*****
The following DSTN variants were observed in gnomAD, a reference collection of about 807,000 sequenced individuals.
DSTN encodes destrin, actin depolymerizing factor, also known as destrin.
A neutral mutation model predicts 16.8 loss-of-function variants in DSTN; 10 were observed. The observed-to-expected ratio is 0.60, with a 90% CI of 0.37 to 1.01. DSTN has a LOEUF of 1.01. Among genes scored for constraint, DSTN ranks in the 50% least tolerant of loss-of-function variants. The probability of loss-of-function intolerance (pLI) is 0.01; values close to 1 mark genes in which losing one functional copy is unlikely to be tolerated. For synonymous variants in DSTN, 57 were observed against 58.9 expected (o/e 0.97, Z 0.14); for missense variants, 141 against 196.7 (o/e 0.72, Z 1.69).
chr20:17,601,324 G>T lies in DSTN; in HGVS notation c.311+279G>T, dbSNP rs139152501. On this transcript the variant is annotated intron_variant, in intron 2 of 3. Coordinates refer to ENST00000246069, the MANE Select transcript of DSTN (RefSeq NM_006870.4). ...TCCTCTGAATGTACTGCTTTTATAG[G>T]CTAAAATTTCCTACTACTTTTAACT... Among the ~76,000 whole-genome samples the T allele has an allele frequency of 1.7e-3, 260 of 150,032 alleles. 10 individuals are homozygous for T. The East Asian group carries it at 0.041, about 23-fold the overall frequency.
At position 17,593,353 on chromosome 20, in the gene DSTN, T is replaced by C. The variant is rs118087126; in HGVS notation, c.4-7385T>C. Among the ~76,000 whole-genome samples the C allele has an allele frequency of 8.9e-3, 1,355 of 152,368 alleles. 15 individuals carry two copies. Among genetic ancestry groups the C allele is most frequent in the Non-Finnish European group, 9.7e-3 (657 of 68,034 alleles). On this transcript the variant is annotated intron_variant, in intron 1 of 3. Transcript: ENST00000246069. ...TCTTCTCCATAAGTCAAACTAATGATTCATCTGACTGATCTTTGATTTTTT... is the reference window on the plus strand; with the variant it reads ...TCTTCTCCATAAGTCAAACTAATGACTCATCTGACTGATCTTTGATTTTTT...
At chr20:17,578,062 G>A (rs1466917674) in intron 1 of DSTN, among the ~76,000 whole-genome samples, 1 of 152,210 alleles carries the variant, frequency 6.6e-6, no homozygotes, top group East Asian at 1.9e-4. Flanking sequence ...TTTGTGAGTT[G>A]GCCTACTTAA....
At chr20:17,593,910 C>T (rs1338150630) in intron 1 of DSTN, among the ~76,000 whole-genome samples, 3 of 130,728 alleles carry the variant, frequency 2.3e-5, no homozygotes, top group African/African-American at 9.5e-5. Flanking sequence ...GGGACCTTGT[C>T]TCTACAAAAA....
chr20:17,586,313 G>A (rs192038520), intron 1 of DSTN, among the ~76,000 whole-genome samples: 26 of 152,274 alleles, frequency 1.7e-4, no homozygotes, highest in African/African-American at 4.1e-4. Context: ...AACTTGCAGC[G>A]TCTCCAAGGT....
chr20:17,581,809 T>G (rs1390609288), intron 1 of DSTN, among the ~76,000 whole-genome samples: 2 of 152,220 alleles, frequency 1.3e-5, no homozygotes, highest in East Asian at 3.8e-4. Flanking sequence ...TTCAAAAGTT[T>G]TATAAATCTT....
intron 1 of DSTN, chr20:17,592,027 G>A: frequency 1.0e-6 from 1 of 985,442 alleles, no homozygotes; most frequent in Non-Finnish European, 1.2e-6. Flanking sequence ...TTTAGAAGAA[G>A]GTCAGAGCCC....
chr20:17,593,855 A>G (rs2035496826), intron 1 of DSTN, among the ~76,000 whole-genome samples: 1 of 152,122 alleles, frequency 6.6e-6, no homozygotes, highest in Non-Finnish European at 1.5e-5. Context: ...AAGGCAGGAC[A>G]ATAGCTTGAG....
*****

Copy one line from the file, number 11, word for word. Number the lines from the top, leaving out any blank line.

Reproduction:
chr20:17,593,855 A>G (rs2035496826), intron 1 of DSTN, among the ~76,000 whole-genome samples: 1 of 152,122 alleles, frequency 6.6e-6, no homozygotes, highest in Non-Finnish European at 1.5e-5. Context: ...AAGGCAGGAC[A>G]ATAGCTTGAG....